School’s In! What Can Parents and Students Expect?

apple on books, mask and hand sanitizer

Thanks to strategies followed by many school districts in New Hampshire and Vermont last year, in-person learning was successful despite the ongoing COVID-19 pandemic. Based on lessons learned, the relatively high vaccination rates in the twin states and the low risk of severe COVID-19 cases in children across age groups, all school districts will return to in-person instruction for the upcoming 2021-22 school year, and the Children’s Hospital at Dartmouth-Hitchcock (CHaD) fully supports this data-driven decision.

The American Academy of Pediatrics (AAP) and Centers for Disease Control and Prevention (CDC) have published national guidance for a safe return to school, which informed local prevention strategies created by the New Hampshire Division of Public Health Services (NH DPHS) and the Vermont Agency of Education and Department of Health (VDH). This guidance can change based on local spread of COVID-19 and are not universal for every community—–providing flexibility for individual communities rather than a blanket approach to either state or region.

Mask requirements in New Hampshire schools

The NH DPHS recommends all students wear masks indoors when the level of community transmission is substantial. This means that new cases per 100,000 people over the past 14 days is high, and there is a high percentage of COVID-19 tests showing positive results in that community. Currently, every county in New Hampshire is at a substantial level. However, indoor mask requirements can change in the coming weeks and months as levels return to moderate or minimal. The NH DPHS published a decision matrix to explain this community-informed guidance, along with a real-time dashboard of local COVID-19 spread.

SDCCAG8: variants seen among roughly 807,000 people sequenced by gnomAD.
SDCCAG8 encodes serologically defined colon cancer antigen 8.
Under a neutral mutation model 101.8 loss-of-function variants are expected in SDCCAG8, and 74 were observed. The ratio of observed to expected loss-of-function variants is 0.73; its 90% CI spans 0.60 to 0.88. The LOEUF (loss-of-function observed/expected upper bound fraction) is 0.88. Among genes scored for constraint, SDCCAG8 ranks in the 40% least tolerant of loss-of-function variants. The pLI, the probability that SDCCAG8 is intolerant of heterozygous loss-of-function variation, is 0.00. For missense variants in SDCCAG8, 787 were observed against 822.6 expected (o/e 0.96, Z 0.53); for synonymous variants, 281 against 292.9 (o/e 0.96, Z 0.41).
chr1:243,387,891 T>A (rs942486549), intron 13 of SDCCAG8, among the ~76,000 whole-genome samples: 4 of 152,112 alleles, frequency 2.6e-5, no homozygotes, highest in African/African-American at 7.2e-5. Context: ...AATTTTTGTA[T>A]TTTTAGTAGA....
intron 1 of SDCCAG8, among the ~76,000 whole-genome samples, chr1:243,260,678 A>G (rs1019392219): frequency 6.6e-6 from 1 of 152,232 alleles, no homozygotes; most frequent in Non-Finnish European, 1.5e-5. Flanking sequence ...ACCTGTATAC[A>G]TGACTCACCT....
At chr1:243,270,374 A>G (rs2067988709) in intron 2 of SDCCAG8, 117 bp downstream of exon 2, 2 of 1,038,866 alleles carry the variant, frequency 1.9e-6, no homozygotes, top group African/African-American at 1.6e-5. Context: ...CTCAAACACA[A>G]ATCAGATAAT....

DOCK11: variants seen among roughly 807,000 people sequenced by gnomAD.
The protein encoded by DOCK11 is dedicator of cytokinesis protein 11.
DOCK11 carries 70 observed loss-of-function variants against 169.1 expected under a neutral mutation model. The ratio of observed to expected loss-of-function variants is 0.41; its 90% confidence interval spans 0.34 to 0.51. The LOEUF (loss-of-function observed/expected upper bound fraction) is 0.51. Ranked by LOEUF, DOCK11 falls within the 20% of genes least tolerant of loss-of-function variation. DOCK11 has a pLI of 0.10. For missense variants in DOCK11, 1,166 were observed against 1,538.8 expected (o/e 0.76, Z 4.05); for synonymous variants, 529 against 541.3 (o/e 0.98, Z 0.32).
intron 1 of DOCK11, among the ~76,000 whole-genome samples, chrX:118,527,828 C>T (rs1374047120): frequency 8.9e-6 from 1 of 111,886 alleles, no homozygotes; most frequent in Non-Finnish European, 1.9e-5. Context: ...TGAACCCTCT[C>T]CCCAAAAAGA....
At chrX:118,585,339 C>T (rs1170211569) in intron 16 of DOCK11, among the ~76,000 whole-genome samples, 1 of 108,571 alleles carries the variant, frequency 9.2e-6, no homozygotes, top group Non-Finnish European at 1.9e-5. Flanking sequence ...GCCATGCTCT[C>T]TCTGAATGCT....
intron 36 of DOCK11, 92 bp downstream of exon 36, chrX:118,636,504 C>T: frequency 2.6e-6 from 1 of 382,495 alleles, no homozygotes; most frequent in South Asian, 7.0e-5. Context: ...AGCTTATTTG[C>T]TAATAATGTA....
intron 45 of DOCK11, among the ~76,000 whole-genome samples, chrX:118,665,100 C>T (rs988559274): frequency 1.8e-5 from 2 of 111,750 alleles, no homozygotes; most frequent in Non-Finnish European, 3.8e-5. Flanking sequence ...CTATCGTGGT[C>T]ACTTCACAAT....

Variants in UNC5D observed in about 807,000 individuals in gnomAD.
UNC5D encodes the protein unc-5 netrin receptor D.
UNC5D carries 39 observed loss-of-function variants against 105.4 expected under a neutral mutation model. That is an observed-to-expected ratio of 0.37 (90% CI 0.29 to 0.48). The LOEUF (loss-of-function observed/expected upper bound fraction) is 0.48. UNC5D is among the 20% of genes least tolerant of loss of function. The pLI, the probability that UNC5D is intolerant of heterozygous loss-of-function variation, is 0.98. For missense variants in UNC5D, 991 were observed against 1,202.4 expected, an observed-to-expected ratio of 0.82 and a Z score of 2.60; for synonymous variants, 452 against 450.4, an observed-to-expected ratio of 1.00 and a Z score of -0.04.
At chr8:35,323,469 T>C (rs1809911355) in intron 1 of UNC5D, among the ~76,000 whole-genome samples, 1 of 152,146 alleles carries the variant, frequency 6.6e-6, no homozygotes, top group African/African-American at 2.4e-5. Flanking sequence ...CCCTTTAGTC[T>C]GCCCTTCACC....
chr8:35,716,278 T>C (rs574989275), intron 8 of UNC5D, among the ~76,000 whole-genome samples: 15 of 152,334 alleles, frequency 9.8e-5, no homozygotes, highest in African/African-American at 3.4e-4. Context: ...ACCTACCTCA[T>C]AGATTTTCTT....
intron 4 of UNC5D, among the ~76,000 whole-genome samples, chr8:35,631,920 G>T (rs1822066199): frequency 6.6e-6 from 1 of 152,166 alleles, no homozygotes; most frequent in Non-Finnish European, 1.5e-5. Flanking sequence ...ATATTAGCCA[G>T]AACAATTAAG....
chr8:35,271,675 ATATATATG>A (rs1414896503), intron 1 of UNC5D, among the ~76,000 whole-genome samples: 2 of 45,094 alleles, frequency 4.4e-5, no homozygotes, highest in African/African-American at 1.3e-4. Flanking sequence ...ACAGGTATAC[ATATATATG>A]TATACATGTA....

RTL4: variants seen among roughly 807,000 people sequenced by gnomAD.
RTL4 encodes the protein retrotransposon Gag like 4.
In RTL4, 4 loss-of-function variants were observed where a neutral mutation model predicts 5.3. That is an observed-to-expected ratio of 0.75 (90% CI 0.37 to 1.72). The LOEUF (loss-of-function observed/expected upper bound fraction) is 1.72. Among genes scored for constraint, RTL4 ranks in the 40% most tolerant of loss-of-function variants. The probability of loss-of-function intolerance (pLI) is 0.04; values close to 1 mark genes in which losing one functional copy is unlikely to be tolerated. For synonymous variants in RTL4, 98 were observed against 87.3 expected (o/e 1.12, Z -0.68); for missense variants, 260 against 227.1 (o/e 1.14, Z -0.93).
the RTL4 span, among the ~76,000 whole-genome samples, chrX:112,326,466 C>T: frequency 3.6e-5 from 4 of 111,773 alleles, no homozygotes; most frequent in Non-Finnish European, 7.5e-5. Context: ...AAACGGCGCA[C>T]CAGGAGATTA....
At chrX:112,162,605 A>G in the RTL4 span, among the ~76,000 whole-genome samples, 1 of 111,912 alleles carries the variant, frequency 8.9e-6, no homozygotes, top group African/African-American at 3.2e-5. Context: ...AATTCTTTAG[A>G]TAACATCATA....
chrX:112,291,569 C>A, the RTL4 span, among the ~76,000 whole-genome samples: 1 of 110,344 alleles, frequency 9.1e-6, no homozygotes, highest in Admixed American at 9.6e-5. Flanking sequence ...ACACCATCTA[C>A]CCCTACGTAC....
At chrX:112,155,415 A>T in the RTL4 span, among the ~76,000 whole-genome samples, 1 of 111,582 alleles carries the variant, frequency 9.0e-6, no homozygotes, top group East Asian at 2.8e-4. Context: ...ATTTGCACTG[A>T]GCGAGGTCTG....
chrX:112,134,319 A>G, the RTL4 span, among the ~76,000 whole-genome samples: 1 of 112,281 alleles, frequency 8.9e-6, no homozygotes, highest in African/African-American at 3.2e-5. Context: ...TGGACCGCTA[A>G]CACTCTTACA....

“I appreciate the data-driven approach to making decisions based on local levels of community transmission in New Hampshire,” says Erik M. Shessler, MD, an associate medical director for CHaD and chapter president of the New Hampshire Pediatric Society. “I’m comfortable sending my kids to school; my oldest is vaccinated and I look forward to getting my youngest vaccinated as soon as it is available.”

Masks requirements in Vermont schools

In Vermont, mask guidance is vaccine- and school-based. The VDH is requiring indoor masking for the first 10 days of school for children 12 and older. Once each school reaches an 80 percent vaccination rate of children eligible for the vaccine, masks will not be required (children under 12 must wear masks until they are vaccine-eligible).

Other suggested guidelines

Families and schools are urged by CHaD, NH DPHS and VDH to follow these guidelines:

  • Vaccinate children once they’re eligible.
  • Don’t send children to school sick. They should only return after 24 hours without fever reducing medications.
  • Practice good hand hygiene.
  • Enhanced cleaning measures in schools are unnecessary (COVID-19 rarely spreads through surfaces).
  • Aim for three feet of physical distance indoors if possible (the standard distance in schools based on AAP, CDC and NH/VT data).
  • Cohorting students–keeping small groups of students and teachers together–helps with contact tracing (Vermont will continue contact tracing, New Hampshire will not).
  • Testing helps with screening and surveillance.

“With data, kindness and community, we can do this—we already have,” encourages CHaD Pediatrician Steven Chapman, MD, Dartmouth-Hitchcock Medical Center, who volunteered as SAU 70 physician last year and is a member of the school district’s Task Force to keep kids healthy and in school. “Getting children back to in-person school is of paramount importance to their wellbeing, health and development. If we keep this goal in mind and work together, I know we can meet this challenge.”